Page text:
What is a Probationary Period and Why It Matters to Your Business

Posted on February 26, 2024 | Updated on June 11, 2024

What is a probationary period? It’s a standard business process that may be puzzling initially but boils down to the employer-employee relationship. Here’s what business owners and job candidates need to know about this business practice.

What Does a Probationary Period Mean for Employers and Employees?

A probationary period is when companies determine whether a new hire fits a specific position. Employers gauge the candidate’s performance, skill, ability and professional work behavior. Companies use the probationary period to see if the employee meets their expectations and the demands of the role.

Probationary periods can be considered a trial period for both employer and employee. Companies may continue a new hire’s employment if they pass the probationary period. On the other hand, organizations may terminate the contract without the typical notice period if the employee fails to meet the job responsibilities and expectations.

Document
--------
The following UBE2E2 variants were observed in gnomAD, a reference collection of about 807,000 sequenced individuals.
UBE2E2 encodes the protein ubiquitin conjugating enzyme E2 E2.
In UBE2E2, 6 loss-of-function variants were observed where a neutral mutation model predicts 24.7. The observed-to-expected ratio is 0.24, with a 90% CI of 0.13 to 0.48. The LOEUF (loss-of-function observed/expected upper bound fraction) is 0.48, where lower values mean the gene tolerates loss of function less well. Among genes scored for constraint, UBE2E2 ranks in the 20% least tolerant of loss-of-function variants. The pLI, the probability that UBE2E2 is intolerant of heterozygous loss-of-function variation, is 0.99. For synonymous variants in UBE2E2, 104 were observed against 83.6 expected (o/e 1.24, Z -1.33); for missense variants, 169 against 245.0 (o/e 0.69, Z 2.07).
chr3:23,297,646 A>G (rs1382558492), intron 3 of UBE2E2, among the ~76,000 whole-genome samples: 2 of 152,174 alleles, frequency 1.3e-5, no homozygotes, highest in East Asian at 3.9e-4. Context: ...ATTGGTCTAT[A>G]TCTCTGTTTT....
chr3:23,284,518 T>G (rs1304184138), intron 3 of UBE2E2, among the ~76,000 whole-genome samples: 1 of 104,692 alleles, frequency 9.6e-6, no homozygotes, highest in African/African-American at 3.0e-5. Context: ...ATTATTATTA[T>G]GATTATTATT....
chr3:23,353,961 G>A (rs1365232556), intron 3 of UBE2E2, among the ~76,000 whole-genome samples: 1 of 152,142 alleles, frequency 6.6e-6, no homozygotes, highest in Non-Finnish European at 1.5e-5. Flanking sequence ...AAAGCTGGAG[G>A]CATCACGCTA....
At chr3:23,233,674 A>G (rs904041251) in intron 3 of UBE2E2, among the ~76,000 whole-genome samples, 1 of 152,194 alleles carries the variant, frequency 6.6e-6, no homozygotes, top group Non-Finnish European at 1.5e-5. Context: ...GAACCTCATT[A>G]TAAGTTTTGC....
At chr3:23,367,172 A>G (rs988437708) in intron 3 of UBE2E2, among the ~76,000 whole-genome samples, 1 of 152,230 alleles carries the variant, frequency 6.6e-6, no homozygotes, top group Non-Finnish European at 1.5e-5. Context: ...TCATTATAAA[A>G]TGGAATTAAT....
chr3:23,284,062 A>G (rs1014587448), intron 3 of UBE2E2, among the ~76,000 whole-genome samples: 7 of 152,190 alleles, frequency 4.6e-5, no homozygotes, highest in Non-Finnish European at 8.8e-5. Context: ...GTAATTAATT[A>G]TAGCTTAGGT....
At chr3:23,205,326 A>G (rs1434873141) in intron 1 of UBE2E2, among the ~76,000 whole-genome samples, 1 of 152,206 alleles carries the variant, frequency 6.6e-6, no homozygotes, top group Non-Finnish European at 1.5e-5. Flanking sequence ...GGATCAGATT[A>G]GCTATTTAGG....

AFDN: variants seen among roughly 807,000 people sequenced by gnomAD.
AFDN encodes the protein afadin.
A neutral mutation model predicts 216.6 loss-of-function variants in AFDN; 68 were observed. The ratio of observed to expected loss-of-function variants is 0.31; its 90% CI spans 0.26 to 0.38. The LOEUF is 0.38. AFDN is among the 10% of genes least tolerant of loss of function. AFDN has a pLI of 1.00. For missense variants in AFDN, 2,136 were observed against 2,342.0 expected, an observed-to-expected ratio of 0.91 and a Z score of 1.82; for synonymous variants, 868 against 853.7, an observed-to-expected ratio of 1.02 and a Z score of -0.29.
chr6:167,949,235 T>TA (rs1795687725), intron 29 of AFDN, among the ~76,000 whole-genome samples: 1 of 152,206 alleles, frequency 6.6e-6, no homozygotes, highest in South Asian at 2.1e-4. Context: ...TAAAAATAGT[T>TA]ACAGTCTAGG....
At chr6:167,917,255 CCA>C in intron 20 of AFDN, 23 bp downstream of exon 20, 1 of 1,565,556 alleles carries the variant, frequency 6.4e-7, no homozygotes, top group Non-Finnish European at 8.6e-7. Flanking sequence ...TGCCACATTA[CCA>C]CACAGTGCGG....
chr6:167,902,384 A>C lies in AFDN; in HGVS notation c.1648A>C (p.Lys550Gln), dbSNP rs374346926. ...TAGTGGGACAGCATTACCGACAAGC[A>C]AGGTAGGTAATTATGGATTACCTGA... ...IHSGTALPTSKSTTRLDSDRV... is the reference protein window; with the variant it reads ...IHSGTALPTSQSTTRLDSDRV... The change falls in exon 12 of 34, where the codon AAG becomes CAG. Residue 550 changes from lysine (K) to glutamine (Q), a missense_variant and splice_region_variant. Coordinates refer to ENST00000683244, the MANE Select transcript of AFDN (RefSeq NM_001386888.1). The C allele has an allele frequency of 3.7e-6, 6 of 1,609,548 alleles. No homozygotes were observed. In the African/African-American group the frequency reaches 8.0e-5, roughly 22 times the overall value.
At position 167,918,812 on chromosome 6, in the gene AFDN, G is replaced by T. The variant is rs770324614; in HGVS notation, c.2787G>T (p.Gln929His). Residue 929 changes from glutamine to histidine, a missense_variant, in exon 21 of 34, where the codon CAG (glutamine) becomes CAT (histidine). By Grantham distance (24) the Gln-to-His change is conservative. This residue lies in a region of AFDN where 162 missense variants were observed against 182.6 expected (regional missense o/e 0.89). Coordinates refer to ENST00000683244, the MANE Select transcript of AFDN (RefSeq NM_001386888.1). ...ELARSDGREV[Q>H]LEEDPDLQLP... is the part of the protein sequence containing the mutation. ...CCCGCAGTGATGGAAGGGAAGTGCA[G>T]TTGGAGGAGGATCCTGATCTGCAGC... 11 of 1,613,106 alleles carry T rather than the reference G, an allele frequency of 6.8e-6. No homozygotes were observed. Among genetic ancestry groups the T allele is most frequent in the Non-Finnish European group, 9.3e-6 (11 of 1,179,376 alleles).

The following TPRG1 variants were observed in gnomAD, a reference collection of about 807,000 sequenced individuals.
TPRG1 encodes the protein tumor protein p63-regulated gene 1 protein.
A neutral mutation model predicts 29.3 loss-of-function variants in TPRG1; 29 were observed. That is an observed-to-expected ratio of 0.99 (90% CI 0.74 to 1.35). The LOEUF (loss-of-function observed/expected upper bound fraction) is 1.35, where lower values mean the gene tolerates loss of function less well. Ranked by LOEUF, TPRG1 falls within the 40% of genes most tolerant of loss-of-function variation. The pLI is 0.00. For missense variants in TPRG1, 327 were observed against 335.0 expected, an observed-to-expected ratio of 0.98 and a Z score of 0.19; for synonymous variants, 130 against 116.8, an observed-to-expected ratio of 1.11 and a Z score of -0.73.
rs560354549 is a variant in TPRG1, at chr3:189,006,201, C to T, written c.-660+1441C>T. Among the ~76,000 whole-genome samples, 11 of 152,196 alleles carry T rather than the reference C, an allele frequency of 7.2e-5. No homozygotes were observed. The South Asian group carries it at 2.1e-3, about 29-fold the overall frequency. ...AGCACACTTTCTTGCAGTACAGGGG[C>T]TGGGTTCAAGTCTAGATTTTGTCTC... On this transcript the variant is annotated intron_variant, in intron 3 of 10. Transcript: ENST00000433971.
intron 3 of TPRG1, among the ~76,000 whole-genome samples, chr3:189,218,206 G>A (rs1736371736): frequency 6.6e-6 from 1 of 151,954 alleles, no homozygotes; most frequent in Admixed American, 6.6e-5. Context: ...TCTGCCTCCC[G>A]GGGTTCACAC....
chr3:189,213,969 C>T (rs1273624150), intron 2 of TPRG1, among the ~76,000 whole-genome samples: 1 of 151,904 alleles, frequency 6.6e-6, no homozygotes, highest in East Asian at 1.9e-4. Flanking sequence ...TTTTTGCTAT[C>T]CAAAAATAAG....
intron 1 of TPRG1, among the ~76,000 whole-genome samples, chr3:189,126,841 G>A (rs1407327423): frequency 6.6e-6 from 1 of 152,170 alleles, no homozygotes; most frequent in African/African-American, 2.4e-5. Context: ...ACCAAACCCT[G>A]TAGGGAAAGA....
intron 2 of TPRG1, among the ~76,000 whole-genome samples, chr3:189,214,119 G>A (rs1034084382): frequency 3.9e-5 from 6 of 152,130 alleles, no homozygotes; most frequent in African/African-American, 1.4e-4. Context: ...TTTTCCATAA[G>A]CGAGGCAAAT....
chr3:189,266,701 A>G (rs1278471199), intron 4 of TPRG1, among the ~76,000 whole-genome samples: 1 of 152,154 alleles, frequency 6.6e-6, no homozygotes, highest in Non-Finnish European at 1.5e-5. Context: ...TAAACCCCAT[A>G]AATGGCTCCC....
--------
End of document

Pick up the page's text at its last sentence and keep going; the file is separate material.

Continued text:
It’s common for companies to put employees on a trial period, which can last from three to six months or even a year, depending on the position. Employers often assess new hires within a three-month probationary period, while assessing newly promoted employees can take up to 12 months.

Similarly, employees can use the probationary period to assess if their role and company suit their career progression. New hires can talk to their manager or the company’s human resources (HR) to ask questions about their employment, contract and other details about the position.

What Are the Benefits of a Probationary Period?

The probationary period is an excellent opportunity for employers to get to know their new hires on a deeper level. 

For Employers

Businesses can experience the following benefits by placing new employees on probationary periods.

  • Determine the candidate’s suitability: Some candidates may oversell themselves during the application process but underdeliver when faced with tasks. Probationary periods can help HR sift through new hires and verify which candidates are capable. 
  • Avoid financial losses: According to a survey, companies can spend up to $17,000 due to one bad hiring decision. The cost rises when workers make mistakes in critical work processes. Diligent businesses can avoid losses by making the right hiring decisions based on data and actual performance at work.
  • Identify potential high performers and leaders: Managers and supervisors can work closely with new hires to gauge their skills and performance. Excellent work ethics, time management, knowledge of business operations and other factors can help companies identify good talents among their new hires